The sad fact is, however, that while the Duruflé is playing away in my head and occupying so much of my conscious existence, I find myself becoming dangerously introverted, dreading the company of others and restricting my utterances to gruff and terse comments which say what has to be said in as short a time as possible. My face reflects the inner turmoil, passion, grief and joy of the music (thereby sending out entirely the wrong signals to those around me) and I’m not at all sure, from the strange looks I was getting from fellow-passengers on the Heathrow Express as I headed away from my London conference, that I wasn’t occasionally muttering the sombre phrase “Requiem aeternam” out loud, like some morbidly-obsessed deranged escapee from a secure institution.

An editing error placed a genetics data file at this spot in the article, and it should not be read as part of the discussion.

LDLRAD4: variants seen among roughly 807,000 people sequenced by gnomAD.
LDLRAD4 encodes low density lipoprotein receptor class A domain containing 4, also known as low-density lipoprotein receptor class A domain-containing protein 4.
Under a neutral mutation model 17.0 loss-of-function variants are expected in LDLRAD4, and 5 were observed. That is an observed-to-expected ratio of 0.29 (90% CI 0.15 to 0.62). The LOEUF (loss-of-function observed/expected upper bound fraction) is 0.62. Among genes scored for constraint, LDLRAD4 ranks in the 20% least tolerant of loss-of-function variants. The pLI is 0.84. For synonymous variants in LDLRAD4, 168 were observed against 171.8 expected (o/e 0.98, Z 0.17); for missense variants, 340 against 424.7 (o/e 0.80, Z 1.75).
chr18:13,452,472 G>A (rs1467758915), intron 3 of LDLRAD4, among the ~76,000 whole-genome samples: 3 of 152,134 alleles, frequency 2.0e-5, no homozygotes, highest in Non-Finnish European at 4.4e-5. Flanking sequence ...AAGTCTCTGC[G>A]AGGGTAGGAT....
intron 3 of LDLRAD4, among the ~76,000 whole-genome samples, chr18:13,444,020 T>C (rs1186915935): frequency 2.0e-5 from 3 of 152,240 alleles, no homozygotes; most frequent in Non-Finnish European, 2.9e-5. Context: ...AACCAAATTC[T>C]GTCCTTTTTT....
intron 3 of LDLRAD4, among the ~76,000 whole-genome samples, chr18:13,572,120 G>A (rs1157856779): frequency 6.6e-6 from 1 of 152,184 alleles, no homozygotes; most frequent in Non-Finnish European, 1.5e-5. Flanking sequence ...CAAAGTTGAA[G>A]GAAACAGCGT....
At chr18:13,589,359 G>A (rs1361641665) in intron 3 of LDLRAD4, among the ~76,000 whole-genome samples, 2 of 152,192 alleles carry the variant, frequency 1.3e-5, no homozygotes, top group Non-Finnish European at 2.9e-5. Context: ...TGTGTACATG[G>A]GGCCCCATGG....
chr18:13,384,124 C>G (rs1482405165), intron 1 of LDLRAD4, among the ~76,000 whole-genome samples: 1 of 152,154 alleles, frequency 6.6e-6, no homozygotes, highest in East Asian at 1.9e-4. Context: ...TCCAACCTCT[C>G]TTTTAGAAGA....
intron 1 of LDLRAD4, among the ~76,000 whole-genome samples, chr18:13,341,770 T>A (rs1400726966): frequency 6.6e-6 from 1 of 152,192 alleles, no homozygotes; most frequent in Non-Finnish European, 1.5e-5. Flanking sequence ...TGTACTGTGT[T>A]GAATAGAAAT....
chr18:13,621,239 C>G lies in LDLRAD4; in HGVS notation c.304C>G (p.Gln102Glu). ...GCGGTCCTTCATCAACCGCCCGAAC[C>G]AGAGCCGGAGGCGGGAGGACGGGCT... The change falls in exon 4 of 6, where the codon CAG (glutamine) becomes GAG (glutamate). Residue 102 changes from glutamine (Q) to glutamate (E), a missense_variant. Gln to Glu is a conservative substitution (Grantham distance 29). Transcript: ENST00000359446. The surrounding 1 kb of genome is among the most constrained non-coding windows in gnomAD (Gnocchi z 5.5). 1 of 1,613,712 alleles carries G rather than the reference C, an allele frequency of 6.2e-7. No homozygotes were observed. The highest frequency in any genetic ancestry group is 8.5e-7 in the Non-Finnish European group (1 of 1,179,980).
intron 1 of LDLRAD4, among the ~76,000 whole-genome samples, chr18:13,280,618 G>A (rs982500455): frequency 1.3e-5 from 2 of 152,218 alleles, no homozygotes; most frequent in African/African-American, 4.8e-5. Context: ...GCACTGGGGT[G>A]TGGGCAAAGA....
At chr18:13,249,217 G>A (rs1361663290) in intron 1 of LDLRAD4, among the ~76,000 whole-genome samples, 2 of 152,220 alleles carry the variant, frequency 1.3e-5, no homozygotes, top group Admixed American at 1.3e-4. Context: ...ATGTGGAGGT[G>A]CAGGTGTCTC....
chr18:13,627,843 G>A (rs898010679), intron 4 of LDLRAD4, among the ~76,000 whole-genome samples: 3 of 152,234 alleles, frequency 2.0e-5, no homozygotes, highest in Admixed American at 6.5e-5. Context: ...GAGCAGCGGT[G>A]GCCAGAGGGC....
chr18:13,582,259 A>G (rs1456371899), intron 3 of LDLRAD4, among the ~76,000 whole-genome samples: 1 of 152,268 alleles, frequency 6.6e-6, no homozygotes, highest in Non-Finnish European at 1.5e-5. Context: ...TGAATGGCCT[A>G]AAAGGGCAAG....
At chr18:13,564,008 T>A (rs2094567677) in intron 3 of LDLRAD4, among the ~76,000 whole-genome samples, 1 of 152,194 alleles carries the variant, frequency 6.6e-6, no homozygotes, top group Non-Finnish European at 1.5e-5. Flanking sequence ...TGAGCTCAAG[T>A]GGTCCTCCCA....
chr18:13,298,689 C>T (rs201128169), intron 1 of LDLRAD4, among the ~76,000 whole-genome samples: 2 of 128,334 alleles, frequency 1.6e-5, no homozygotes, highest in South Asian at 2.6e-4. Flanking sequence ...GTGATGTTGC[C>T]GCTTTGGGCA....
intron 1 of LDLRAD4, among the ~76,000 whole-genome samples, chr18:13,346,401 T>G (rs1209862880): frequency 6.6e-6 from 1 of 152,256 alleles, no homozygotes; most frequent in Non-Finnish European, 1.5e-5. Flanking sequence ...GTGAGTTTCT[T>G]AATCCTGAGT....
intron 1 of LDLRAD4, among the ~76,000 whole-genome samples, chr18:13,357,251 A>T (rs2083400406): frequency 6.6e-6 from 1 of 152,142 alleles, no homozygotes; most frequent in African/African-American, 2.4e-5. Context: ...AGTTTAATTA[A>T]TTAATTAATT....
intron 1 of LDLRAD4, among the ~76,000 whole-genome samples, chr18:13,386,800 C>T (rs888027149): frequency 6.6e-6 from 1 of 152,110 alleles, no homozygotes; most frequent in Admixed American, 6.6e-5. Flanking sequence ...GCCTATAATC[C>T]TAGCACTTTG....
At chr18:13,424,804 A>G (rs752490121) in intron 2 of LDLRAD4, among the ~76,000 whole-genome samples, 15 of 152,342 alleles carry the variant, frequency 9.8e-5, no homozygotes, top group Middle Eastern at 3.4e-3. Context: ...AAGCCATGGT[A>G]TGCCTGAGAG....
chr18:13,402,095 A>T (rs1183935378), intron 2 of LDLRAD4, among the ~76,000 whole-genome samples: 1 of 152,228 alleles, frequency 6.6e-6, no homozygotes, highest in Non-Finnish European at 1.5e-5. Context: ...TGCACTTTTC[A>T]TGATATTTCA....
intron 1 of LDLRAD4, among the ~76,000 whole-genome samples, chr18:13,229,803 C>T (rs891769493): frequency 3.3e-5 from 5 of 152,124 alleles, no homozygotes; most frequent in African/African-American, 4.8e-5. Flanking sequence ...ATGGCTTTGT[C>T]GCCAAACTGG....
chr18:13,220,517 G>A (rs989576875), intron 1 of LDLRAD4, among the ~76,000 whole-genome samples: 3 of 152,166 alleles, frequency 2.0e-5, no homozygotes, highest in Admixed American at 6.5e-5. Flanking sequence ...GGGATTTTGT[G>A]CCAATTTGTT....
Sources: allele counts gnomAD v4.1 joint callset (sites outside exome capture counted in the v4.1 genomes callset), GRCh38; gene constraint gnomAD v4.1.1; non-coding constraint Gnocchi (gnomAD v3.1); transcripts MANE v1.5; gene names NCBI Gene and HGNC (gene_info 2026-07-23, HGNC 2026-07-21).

I know that a widely varied group of people read this blog. I hope that, among them, there will be a psychiatrist or two who can advise whether I need medical attention to rid me of this crippling ailment, or whether I am one in a million blessed with a priceless mental gift. At the age of 60, should I finally start to worry?